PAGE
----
His experiences are eye opening to say the least. The lesson for me is to never assume that a seemingly neutral source, such as Google, actually operates on fair and reasonable grounds and produces reliable and consistent results.


Words matter

In his column, "The impotent insurgents," Jack Kelly writes on the growing desperation of the terrorists in Iraq, showcased by the GI Joe incident and how the MSM has been a reliable ally to the terrorists by spouting their party line and staying mum on issues like Eason's Fables.

He includes some stats that beg for attention, and makes an excellent point on one of the media's favorite terms - "insurgents."

Eight suicide bombers killed 36 Iraqis besides themselves. Of these, seven were foreigners (six Saudis and a Sudanese). The only Iraqi suicide bomber was a child suffering from Down syndrome. That is, as the Iraqi writer Nibras Kazimi put it, "eight against 8 million." And on what basis, one might ask, do the media call seven foreign terrorists "insurgents"?

The child he mentions was actually detonated by remote control, which hardly makes him a suicide bomber - more like a hostage used as a tool by sadistic thugs.

The day after the election, Roger Simon pointed out that the term "insurgent" was no longer applicable. I would question whether it was ever applicable to foreign fighters in Iraq; they are better described as Islamofascist mercenaries or crusaders.


Lest we forget

Thankfully, it's been awhile since we've seen a beheading video or any similar reminder of the brutality of our Islamofascist enemies, but that doesn’t mean they've changed their tune.

The AP reports, "Islamic Radicals Hunt Barbers in Baghdad."

Umm Ali says militants killed her son last month for the most unlikely of reasons: He trims men's beards.

In Baghdad's Dora neighborhood, residents say Sunni Muslim extremists have made barbers the new hunted, accusing them of violating a strict reading of Islamic teachings that say men should keep their beards long.

Some extremists also consider Western-style haircuts an offensive symbol of the hated, secularized culture of Europe and the United States.

To them, sporting a clipped beard or a modern haircut is an infraction worthy of death.

These radicals cannot be reasoned with, nor dealt with by a peacekeeping force in baby-blue helmets. They must be rooted out and killed - a task which will engage our Soldiers, Marines, and the Iraqi Security Forces for a long time to come.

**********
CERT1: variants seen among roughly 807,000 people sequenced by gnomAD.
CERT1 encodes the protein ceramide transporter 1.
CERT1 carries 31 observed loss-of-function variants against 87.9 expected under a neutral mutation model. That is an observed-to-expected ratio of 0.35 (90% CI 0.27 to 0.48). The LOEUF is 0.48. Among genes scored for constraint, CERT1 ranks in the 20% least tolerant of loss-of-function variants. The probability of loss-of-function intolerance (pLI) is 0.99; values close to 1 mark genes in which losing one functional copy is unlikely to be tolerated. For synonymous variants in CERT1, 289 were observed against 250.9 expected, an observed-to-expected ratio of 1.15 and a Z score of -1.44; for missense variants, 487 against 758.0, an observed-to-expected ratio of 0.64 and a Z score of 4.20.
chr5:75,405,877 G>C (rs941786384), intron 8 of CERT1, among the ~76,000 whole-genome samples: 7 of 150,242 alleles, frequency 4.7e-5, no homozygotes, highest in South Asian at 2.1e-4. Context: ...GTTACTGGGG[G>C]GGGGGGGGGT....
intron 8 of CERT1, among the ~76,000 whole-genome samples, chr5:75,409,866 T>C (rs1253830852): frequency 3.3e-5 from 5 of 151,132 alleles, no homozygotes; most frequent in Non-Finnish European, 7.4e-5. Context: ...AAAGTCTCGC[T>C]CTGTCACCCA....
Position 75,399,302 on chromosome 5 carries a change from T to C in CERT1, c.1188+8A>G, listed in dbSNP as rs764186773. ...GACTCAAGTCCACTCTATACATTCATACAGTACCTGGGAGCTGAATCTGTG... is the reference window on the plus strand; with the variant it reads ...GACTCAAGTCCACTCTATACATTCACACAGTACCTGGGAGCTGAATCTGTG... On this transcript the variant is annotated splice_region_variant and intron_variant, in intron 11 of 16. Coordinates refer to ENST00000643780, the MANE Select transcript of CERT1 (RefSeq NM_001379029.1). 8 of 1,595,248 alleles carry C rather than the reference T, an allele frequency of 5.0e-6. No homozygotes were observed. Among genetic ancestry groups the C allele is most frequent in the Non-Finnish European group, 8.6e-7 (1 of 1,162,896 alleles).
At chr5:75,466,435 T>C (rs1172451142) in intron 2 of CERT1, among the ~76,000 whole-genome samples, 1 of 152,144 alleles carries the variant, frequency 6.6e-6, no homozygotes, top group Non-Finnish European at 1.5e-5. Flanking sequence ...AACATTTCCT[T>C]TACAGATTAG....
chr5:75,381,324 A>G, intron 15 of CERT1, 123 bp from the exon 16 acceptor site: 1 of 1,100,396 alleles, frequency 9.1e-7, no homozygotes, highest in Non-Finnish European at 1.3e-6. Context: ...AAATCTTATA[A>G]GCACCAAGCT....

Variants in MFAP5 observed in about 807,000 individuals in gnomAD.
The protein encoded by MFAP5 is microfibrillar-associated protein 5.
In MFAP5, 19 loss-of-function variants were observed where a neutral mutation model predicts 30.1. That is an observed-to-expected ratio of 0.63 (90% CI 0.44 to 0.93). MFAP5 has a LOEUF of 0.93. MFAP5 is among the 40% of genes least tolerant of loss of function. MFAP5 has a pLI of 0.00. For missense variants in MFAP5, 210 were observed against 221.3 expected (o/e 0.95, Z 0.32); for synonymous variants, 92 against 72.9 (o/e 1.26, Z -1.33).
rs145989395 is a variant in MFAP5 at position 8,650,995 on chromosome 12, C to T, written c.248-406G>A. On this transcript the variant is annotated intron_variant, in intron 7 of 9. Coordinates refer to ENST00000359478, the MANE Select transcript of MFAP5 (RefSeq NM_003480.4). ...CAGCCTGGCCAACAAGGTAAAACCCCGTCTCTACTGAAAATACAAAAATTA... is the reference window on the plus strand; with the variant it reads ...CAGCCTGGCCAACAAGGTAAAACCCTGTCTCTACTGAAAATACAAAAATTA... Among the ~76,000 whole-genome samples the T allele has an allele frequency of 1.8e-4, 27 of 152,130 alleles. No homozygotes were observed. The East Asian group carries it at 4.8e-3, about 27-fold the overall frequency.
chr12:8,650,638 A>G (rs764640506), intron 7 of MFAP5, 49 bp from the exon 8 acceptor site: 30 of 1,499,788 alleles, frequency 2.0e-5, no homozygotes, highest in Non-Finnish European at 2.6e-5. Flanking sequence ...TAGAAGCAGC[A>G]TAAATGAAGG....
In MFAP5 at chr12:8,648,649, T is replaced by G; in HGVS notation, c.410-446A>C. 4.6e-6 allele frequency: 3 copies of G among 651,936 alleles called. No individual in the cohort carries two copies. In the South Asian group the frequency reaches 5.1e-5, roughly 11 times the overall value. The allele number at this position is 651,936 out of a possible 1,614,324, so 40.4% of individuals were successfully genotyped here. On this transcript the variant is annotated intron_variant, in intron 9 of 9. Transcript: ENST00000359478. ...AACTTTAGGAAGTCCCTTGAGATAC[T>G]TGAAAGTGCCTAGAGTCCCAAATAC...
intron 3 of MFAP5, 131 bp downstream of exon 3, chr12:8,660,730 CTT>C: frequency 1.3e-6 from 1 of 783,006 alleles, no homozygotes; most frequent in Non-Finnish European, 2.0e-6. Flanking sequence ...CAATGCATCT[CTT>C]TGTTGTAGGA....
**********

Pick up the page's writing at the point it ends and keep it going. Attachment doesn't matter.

Saturday, February 05, 2005

Eye on Iraq

I just got 2 special Eye on Iraq newsletters with lots of election photos. Here are a couple of them:

These photos are good antidote for the "it wasn't worth it" crowd.

Send me an email with "Eye on Iraq" in the subject line if you'd like to be added to the distro list.


Thanks for reading!

Wow. I just checked my TTLB stats, and you guys have pushed me into the top 500 in the traffic rankings....number 461.

I suspect it has something to do with a couple links from Captain Ed last week. In any event, I appreciate you all taking time to stop by, read, and comment.


Removing a speck

The Seattle Post-Intelligencer draws my attention with this headline: "You got WHAT pierced?! Washington could rein in freedom to pierce."

Senator Pam Roach is sponsoring the bill:

Almost a decade ago, she helped pass a law that makes it a misdemeanor to tattoo minors under the age of 18. Under the proposed piercing bill, it would also be a misdemeanor to pierce people younger than 18 unless their parents give permission and are present when the piercing occurs. The latter, the senator said, almost guarantees that teens won't be getting pierced in, well, inappropriate places.

Currently, the state of Washington does not require parental consent or even parental notification for teenaged girls to get an abortion.

Sure, you may regret a piercing or a tattoo a few years down the road, but is either likely to cause serious emotional damage? Does a tattoo or a piercing inevitably result in the death of another human being?